Microsoft is rumored to be interested in picking up beleaguered chipmaker AMD, with takeover talks reportedly started a few months ago.
While there's nothing concrete from either company, the idea behind the rumor is that Microsoft is concerned about AMD's financial state, and is worried that any problems with the chipmaker would affect supplies of the Xbox One. So Microsoft whips out its checkbook, buys AMD, and all the problems are solved.
But there are a few other deal sweeteners.
There's the chip supply chain for the Xbox One. Microsoft and Sony (which also gets its chips for the PS4 from AMD) pay around $100 for each SoC (System-on-a-Chip) bundled inside their games console. Microsoft has sold some 12.6 million consoles, which means that it's paid AMD some $1.2 billion since 2013. Factor in that AMD is making a 20 percent profit on each chip, and Microsoft could save around a billion dollars a year if it bought the cow.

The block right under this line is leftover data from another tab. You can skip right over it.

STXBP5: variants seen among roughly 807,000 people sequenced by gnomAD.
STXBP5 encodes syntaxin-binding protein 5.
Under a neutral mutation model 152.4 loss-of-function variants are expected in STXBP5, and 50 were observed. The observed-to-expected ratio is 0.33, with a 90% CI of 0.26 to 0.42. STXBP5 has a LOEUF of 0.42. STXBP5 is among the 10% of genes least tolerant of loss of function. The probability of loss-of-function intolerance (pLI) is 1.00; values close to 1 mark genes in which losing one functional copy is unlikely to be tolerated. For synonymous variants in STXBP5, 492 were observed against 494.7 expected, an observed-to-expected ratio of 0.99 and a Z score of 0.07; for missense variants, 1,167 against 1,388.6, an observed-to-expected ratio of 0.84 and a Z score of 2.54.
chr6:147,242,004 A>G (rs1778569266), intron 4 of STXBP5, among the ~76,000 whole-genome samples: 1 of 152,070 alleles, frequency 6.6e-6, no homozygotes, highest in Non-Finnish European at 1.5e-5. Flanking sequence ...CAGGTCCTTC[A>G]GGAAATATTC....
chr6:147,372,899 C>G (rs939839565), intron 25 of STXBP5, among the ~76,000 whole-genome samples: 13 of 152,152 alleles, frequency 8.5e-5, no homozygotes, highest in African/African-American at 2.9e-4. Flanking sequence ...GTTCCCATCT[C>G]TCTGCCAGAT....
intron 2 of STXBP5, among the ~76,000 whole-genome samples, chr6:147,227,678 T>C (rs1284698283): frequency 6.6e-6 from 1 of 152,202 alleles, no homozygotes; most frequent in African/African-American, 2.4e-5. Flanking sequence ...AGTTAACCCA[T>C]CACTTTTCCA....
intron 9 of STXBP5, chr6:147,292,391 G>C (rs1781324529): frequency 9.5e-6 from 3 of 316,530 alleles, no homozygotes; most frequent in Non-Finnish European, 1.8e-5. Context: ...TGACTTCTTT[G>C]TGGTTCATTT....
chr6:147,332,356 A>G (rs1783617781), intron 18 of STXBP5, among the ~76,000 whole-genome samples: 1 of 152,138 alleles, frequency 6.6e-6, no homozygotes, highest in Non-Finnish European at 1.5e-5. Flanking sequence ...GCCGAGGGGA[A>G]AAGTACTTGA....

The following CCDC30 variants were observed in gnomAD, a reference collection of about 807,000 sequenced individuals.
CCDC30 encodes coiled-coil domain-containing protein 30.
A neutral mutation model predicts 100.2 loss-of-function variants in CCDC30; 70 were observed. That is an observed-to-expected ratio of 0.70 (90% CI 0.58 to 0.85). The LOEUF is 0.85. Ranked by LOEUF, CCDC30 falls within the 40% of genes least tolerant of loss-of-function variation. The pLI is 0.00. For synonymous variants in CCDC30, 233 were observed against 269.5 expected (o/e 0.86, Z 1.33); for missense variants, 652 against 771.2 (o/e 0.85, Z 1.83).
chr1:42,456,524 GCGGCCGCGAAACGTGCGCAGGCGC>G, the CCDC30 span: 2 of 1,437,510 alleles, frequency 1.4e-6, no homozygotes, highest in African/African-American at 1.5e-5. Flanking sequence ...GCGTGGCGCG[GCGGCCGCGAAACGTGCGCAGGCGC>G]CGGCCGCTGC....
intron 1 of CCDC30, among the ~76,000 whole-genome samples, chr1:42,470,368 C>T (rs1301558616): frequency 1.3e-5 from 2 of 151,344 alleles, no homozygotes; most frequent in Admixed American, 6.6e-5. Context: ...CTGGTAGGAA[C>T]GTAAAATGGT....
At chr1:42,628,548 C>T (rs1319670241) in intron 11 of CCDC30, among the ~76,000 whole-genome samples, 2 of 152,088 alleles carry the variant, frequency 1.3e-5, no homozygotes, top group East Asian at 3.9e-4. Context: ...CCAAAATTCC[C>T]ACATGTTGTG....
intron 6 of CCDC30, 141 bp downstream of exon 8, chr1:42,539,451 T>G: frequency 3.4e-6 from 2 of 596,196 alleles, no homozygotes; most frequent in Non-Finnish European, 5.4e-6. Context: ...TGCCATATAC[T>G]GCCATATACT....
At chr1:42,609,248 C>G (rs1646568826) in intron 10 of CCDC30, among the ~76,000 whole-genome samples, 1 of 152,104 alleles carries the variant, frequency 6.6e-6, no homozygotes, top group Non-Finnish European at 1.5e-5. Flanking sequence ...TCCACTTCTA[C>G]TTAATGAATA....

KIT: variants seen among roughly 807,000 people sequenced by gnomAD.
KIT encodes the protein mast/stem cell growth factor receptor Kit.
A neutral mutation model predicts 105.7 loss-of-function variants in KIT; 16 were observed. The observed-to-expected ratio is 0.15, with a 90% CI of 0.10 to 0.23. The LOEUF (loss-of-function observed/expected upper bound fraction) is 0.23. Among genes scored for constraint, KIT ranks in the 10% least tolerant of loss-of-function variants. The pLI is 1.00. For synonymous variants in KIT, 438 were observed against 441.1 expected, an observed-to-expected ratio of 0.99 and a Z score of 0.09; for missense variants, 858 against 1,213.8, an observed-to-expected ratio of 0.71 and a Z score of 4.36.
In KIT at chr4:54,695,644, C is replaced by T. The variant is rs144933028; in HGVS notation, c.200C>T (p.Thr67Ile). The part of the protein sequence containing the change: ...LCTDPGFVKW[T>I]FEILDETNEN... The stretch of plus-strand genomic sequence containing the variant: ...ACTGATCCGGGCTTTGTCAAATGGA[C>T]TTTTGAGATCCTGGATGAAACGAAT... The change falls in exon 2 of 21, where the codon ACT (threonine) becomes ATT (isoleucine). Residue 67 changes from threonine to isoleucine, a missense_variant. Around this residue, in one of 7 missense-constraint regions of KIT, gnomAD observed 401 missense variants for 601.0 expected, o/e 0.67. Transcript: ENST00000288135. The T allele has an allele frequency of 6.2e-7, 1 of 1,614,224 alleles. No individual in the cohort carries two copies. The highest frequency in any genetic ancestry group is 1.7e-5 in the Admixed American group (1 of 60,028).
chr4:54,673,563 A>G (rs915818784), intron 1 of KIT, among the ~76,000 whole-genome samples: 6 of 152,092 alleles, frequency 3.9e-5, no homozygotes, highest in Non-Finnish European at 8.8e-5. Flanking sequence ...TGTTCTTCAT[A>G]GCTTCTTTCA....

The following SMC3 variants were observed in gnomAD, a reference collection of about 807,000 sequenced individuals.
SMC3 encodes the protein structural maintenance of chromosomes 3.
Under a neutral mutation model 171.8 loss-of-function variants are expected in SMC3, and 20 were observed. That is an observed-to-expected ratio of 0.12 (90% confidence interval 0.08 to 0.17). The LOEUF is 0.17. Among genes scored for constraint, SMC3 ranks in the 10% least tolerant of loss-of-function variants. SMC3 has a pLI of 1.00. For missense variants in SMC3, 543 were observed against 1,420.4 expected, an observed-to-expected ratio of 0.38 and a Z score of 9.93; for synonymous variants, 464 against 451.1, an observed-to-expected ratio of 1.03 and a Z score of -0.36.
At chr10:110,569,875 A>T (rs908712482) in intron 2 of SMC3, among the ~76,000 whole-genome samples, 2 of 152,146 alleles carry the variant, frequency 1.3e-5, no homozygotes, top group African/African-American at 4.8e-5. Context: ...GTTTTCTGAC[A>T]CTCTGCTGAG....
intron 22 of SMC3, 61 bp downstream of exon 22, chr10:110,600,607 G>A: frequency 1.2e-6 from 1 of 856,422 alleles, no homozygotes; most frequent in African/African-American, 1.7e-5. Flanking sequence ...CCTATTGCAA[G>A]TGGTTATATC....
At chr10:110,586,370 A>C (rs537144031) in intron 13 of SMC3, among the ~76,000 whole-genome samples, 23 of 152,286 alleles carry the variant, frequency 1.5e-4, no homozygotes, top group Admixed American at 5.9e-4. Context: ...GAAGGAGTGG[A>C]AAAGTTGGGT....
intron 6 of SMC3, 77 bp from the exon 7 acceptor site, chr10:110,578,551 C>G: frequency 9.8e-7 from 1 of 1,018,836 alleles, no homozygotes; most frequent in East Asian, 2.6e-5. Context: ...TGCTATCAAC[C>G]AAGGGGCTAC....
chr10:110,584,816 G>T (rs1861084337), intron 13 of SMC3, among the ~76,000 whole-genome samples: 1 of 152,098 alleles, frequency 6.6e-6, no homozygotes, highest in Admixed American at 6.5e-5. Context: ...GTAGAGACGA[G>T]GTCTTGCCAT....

Now factor Sony into the equation. Sony has sold some 24 million PS4 units, which is a lot more units that Microsoft has managed to shift. If Microsoft grabbed AMD it could get paid for each console its competitor sold.
Finally, there are Microsoft's HoloLens virtual reality ambitions. Wouldn't owning a chipmaker make coming out with cool new hardware a lot easier?
Sounds like a done deal, right?
Not so fast there. There are a lot of issues, and the biggest being that AMD is a company that's made up of two parts. There's the Computing & Graphics part that's hemorrhaging money, and the Enterprise, Embedded, and Semi-Custom bit that's doing better, but even that's not something to write home about.
If Microsoft really wants AMD, it's going to have to take the bad as well as the not so bad. And all this just to horn in on games console SoC sales.
Seems like a lot of hassle.
Then there's Intel. A big part of what gives AMD the clout it has in the chip industry is the x86 architecture, and this is bound up in technology exchange agreements with Intel. It seems highly unlikely that Intel would want Microsoft as a competitor, which would put a stake through the heart of any deal.
Then there's the inevitable interest from the Department of Justice over such an acquisition.
Doesn't sound like such a done deal anymore, does it?
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